June 14, 2004 21:43 | Culture / Social / WebTech

Death in the age of Social Software

Following the dreadful email mentioned in the previous post, I was contacted with the following suggestion:

... should we put something onto the bulletin board at Friendster for the non-bloggers who know her there? It seems like a grim task, but maybe you could also notify the people on her friends list. It seems like the right thing to do.

I have a few reservations about this. Any thoughts?


change the subject

What are your reservations exactly, Boris? Are you worried that these people didn't know her enough? Or maybe that they might not want to hear about it? If she was truly active on Friendster, then there are probably people who would want to know what happened.

Maybe instead of using the bulletin board, you could contact people individually, at least the ones that you are pretty sure don't know already.

Maybe your hesitancy is a comment on Friendster itself; it seems to have gotten a certain character of 24-hour-partying, devil-may-care urban hipsterism and to mention anything as real as death seems out of place. Maybe it's time for Friendster to grow up a little bit.... but you don't have to be the one to make that call if you don't want to.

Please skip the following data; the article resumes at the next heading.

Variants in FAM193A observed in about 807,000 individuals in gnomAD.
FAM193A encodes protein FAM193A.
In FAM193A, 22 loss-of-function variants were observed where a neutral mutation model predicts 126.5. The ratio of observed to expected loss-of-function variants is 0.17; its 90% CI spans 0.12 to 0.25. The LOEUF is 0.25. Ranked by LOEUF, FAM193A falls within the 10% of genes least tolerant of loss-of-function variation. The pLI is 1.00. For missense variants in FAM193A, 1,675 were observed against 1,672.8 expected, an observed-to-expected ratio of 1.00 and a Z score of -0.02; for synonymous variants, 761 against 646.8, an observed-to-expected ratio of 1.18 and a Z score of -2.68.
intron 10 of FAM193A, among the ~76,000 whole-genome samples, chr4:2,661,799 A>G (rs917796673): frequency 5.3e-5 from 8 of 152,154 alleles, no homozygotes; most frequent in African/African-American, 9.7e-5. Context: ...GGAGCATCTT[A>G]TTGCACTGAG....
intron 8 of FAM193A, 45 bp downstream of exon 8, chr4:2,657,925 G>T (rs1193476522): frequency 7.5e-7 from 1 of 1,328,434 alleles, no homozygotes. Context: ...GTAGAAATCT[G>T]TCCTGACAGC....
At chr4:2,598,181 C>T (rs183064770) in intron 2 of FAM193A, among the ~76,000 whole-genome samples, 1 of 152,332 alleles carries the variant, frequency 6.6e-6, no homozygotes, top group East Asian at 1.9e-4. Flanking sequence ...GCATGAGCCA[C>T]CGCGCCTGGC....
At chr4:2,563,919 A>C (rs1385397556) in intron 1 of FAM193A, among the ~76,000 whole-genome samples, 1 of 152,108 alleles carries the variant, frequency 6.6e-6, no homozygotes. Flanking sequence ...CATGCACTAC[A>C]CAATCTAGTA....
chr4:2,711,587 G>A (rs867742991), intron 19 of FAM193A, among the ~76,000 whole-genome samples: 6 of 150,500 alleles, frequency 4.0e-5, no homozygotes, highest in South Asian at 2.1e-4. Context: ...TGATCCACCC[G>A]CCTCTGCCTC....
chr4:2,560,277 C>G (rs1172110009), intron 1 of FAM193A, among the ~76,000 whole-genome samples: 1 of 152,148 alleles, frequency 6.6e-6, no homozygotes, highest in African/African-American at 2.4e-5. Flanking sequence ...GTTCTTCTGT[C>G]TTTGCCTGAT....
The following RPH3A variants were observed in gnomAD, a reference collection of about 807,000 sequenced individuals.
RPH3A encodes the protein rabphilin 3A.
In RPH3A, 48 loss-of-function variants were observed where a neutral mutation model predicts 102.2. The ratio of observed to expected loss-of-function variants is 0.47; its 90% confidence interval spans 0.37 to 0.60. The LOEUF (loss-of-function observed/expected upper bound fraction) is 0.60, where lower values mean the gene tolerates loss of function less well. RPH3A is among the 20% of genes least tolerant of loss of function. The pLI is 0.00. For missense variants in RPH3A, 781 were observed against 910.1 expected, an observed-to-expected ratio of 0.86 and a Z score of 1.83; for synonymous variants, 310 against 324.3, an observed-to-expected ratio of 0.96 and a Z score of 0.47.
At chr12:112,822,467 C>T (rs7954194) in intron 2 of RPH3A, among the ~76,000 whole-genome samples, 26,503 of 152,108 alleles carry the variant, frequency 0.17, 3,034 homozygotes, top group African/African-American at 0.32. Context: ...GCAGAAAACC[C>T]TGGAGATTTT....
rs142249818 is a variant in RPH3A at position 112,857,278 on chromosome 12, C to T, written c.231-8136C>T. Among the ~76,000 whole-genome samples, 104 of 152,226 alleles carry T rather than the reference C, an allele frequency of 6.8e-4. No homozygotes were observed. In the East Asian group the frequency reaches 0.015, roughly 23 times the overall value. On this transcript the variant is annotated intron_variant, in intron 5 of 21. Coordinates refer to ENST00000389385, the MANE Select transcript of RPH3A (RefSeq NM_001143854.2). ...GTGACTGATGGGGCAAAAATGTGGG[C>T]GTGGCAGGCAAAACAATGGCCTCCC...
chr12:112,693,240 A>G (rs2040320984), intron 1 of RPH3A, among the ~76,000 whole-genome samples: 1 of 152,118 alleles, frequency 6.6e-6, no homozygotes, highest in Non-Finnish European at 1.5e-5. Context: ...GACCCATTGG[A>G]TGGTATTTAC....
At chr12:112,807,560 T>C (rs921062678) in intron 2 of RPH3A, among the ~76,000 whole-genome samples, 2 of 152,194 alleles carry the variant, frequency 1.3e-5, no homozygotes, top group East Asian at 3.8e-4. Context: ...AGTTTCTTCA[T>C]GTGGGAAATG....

In the meantime, I think a sensitive direct message to some people would be very much appreciated, as Martine says.

Death is part of the daily things happening, we just have a tendency to forget it more than in the past. 50 years ago, people were staying near the dead persons of the family in the last night, we have sterilized the death and make it distant when it's not.

To come back to your question. There are no right solutions, but I know that with death the sooner, the better, people want to know and they are very angry when they learn it late even if it doesn't change anything.